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Shining shoes in London offers escape from homelessness

Page history last edited by Rosemary 8 years, 11 months ago

StreetShine is an exciting new social enterprise in the British capital that gives people who have experienced homelessness but are rebuilding their lives the chance to earn a regular income by operating an office-based shoeshine service. Host companies, which include banks, accountants and law firms within the City of London, allow shiners "desk-to-desk" access on a stipulated day of the week.

Customers pay £3.75 for the service, which is offered desk-to-desk with shoes shined ‘on the foot', so customers can continue to work. StreetShine uses non-toxic, premium quality products and also provides shoe repairs and accessories as well.

From two shiners at financial services consultants KPMG in 2004, the service has now expanded to 23 companies hosting eight shiners (five full-time), usually for one day a week. StreetShine's first hotel site has a permanent shoe shine point five days a week and there are plans to expand outside the capital - Leeds, Manchester and Edinburgh are favoured - and into airports and train stations.

Shiners receive training, a regular full-time income, a bank account, and help with benefits and housing issues, improving their confidence, skills and self-esteem in the process. The training covers the craft of shoe shining, from specialist leather care and product use to repairs, and customer service and team building. Most shiners begin by working part time; as they gain self-confidence and work skills, they can progress to full-time employment or if they want it, their own franchise.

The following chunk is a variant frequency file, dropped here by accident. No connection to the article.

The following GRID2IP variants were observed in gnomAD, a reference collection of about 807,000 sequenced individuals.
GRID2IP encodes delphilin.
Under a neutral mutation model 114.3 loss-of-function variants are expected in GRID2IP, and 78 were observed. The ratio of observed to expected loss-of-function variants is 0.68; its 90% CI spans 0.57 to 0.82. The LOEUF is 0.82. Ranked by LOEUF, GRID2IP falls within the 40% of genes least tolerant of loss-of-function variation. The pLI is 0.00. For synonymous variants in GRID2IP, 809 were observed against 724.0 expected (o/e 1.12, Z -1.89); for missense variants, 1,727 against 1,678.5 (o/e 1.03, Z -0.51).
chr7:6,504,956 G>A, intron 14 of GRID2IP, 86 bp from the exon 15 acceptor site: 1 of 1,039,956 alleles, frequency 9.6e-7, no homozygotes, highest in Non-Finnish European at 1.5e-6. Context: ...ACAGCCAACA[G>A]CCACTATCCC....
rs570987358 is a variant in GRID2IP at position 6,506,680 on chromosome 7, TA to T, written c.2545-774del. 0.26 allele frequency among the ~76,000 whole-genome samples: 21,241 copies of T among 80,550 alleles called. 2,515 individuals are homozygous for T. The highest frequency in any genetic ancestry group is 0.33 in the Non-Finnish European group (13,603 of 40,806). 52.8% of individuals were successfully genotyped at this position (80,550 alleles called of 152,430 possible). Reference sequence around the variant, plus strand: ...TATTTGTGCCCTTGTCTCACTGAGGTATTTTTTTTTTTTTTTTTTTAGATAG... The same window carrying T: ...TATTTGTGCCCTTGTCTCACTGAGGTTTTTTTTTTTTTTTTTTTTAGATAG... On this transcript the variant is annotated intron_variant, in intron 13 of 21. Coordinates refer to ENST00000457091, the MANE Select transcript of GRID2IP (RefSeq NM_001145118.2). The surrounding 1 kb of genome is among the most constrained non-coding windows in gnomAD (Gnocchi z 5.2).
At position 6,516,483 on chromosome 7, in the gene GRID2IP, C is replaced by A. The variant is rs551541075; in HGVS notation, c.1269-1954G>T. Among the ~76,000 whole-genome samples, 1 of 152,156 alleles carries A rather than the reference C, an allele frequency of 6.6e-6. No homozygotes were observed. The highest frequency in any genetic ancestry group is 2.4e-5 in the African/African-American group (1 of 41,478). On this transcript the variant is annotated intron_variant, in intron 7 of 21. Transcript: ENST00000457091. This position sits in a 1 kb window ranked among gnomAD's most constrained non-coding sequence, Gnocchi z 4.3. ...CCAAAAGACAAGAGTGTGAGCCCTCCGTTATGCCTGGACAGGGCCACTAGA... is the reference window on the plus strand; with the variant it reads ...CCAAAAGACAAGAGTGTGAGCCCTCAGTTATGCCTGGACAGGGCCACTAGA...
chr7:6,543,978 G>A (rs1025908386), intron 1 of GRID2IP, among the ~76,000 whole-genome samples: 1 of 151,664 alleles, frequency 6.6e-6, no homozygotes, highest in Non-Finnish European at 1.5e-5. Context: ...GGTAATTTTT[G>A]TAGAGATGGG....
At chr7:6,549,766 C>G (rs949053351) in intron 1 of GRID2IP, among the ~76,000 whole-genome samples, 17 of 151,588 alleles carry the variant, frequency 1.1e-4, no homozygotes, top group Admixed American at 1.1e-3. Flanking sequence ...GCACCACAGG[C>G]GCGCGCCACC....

Entrepreneur Nick Grant came up with the StreetShine idea after doing the soup run in Victoria and realising how easy it was to become homeless and how difficult it was to break out of homelessness. Having seen how popular shoe shining was in the United States, he felt StreetShine could give homeless people an opportunity to learn a skill and get back into regular employment. StreetShine, established as a social enterprise in March 2004, is backed by A Glimmer of Hope Foundation and is a subsidiary of Thames Reach Bondway, one of UK’s leading homelessness charity. All profits go back into the company to provide training and support for more shiners, who are referred by participating homeless organizations.

StreetShine is one of a number of initiatives in Britain between homelessness agencies and business. Homeless Link, the umbrella body for homelessness agencies, wants government to deliver more support for voluntary-sector led initiatives to move people living in hostels and currently out of work back to the labour market. It argues that emotional support and soft skills are areas that Jobcentre Plus cannot provide.

Simon Fenton-Jones, StreetShine’s chief executive (and a student of the innovative School for Social Entrepreneurs) believes the service element has been crucial to success. "Shoe shining is a traditional craft that, like many others, has gone out of fashion," he says. "This is about giving people a business opportunity and moving on from charity. We're providing a job and real skills, not just a two-week work placement."

StreetShine, 2nd Floor, 35-43 Bondway, London, England SW8 1SJ

Adapted from information provided on the Street Shine website and an article entitled “Unemployment gets the boot” by Liza Ramrayka published in The Guardian January 18, 2006.


For other stories about homelessness and the homeless, see:

Canadian website brings gifts to city's homeless

Young girl's Ladybug Foundation brings hope, support to Canada's homeless

Homeless World Cup changes lives, attitudes about homelessness

Childrens' bank turns street children into entrepreneurs

Volunteers build home for South African AIDS orphan family

Women 'light the dark' for their families and communities

Irish volunteers build brick houses for homeless South Africans

Australian teacher creates a solution for those who sleep on the street

Maoris share land so homeless can garden for food bank

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